• Upon contact with the floor, immediately spring up into the next jump

The Three Workouts

This section will outline the three home workouts in detail. It will provide detail on the training structure used and the purposes and benefits associated with the workout.

Workout 1 – Keep On Lunging

While this workout has the simplest structure of all three workouts, don’t be deceived. There is no denying this is a tough workout.

While it only takes fifteen minutes to complete this workout, you will perform fifteen rounds of lunging and burpees in this time.

The walking lunge is the primary exercise that will help to develop leg strength while the burpee is programmed to develop both aerobic and mental capacity.

The workout is an EMOM which means every minute on the minute. As the name suggests, the goal is to complete the prescribed number of reps during each minute of the workout.

The amount of rest that you get depends on how quickly you complete the reps. Once that minute is over, you start the next round.

15-20 Bodyweight Walking Lunges
5 Burpees


Workout 2 – Glutes, Quads, and Hamstrings

As highlighted, it is vitally important that you work your posterior chain. Not only are these muscles often underdeveloped, they play a huge role in generating movement, and enhancing stability.

This workout utilizes one posterior chain exercises in combination with an anterior chain exercise to comprehensively work the muscles of the legs.

Supersets are used in this workout (as highlighted by “A” and “B”). These involve performing two exercises back to back with no rest.

Only once the superset has been completed should you then take a short rest.

Exercise Volume
  1. Tempo Bodyweight Squat
  2. Glute Bridge Hold
4 sets x 15 reps

4 x 60 secs

  1. Bulgarian Split Squat Jump
  2. Nordic Hamstring Curl
4 x 8 (per leg)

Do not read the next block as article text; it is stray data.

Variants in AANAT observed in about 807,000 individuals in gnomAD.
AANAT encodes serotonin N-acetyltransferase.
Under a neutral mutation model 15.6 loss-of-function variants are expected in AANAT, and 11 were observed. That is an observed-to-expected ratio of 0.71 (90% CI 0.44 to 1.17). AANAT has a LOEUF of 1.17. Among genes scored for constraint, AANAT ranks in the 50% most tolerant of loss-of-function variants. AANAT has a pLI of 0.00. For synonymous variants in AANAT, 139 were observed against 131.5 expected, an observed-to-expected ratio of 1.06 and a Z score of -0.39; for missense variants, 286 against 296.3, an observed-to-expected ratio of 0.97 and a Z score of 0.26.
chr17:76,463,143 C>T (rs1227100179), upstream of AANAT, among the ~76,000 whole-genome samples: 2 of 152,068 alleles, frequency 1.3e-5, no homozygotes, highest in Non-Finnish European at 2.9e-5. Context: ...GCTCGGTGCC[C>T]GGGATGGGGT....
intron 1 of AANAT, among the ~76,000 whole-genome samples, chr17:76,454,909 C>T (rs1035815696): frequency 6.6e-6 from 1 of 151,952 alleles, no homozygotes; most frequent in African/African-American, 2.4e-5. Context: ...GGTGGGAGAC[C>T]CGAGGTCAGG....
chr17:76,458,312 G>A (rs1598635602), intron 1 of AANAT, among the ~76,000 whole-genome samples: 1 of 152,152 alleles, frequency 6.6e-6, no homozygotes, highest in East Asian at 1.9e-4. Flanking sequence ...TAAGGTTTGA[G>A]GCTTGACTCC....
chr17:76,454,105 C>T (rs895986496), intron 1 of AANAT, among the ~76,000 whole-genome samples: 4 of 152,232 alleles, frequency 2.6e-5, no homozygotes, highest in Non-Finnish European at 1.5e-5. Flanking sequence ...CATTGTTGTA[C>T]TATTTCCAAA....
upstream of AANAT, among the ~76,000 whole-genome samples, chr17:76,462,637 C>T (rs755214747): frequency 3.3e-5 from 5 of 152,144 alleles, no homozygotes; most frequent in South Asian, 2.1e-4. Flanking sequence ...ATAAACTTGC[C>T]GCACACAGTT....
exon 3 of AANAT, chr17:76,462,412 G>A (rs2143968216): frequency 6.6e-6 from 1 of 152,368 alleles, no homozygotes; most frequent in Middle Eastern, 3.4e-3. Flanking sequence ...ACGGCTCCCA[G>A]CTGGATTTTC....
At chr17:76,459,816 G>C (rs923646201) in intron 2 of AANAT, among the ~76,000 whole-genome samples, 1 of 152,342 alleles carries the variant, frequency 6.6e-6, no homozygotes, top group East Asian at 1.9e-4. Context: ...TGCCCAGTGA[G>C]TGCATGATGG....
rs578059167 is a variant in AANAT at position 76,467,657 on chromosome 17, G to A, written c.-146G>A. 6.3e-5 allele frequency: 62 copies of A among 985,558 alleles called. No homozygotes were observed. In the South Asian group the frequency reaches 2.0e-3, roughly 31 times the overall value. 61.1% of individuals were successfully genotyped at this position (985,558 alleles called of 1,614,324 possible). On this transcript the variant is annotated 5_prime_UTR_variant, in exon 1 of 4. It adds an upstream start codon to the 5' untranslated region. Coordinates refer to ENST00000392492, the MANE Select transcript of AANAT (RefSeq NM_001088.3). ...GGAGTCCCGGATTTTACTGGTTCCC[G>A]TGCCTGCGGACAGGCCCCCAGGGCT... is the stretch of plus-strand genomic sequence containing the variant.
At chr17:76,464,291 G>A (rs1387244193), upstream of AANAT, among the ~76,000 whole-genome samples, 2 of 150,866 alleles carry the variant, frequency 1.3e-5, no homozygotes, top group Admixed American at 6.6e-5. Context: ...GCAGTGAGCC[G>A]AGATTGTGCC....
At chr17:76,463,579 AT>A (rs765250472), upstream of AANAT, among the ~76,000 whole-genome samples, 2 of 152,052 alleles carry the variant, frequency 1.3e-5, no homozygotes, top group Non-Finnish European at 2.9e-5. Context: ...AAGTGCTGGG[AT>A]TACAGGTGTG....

4 x 6 – 8

  1. Walking Lunge
  2. Single-Leg Glute Bridge
4 x 20 – 30

4 x 8 (per leg)


Workout 3 – Lower Body Dynamic

While workout one and two are strenuous and place a lot of demand on the body, the final workout is all about facilitating recovery by enhancing movement and mobility.

As a result, this workout is less demanding than the other two.

Workout three involves performing four exercises in a circuit. These exercises should be performed in order without any rest between them.

Considering the purpose of this workout, the circuit should be performed at a leisurely pace with the focus being on technique and a full range of motion.

The circuit is to be performed two or three times. Rest as needed between each round.

Walking Lunge x 20
Jumping Jacks x 20
Lateral Shuffles x 20
Plank x 60 secs


The Importance of Progressive Overload

Having covered the three workouts, let’s now briefly consider an important training principle known as progressive overload.

During physical activity, the body is exposed to a training stimulus. As a result of this stimulus, the body adapts and strengthens.

However, if this training stimulus remains unchanged, the body will adapt to the point where it can comfortably deal with the exercise demands. Therefore, adaptations will slow or cease.

To ensure that the body continually adapts and strengthens, you need to apply progressive overload. This involves gradually increasing training intensity over time.

There are three main ways of increasing training intensity. You could either increase the number of reps, reduce the rest periods, or utilize more challenging exercise variations.

Therefore, with each of the three outlined workouts, ensure that you gradually increase the intensity by manipulating the reps, rest, or exercise.

Final Word

There are many benefits associated with developing leg strength. These include improving exercise performance, movement, and balance.

While working out with weights is highly effective, home workouts are often more accommodating and convenient. The three workouts outlined in this article are excellent examples of functional home-based training.


1 – Suchomel, Timothy J.; Nimphius, Sophia; Stone, Michael H. (2016-10). “The Importance of Muscular Strength in Athletic Performance”. Sports Medicine (Auckland, N.Z.). 46 (10): 1419–1449. doi:10.1007/s40279-016-0486-0. ISSN 1179-2035. PMID 26838985.

2 -Saeterbakken, Atle Hole; Bårdstu, Hilde Bremseth; Brudeseth, Anine; Andersen, Vidar (2018-06-03). “Effects of Strength Training on Muscle Properties, Physical Function, and Physical Activity among Frail Older People: A Pilot Study”. Journal of Aging Research. 2018. doi:10.1155/2018/8916274. ISSN 2090-2204. PMC 6008824. PMID 29988285.

3 – Slimani, Maamer; Chamari, Karim; Miarka, Bianca; Del Vecchio, Fabricio B.; Chéour, Foued (2016-10-14). “Effects of Plyometric Training on Physical Fitness in Team Sport Athletes: A Systematic Review”. Journal of Human Kinetics. 53: 231–247. doi:10.1515/hukin-2016-0026. ISSN 1640-5544. PMC 5260592. PMID 28149427.

Jacob Ladon
Jacob Ladon is a staff writer and former amateur bodybuilder. He has been passionate about bodybuilding since he was 15 years old and discovered the joys of training in the gym. He reports and comments on all bodybuilding related matters.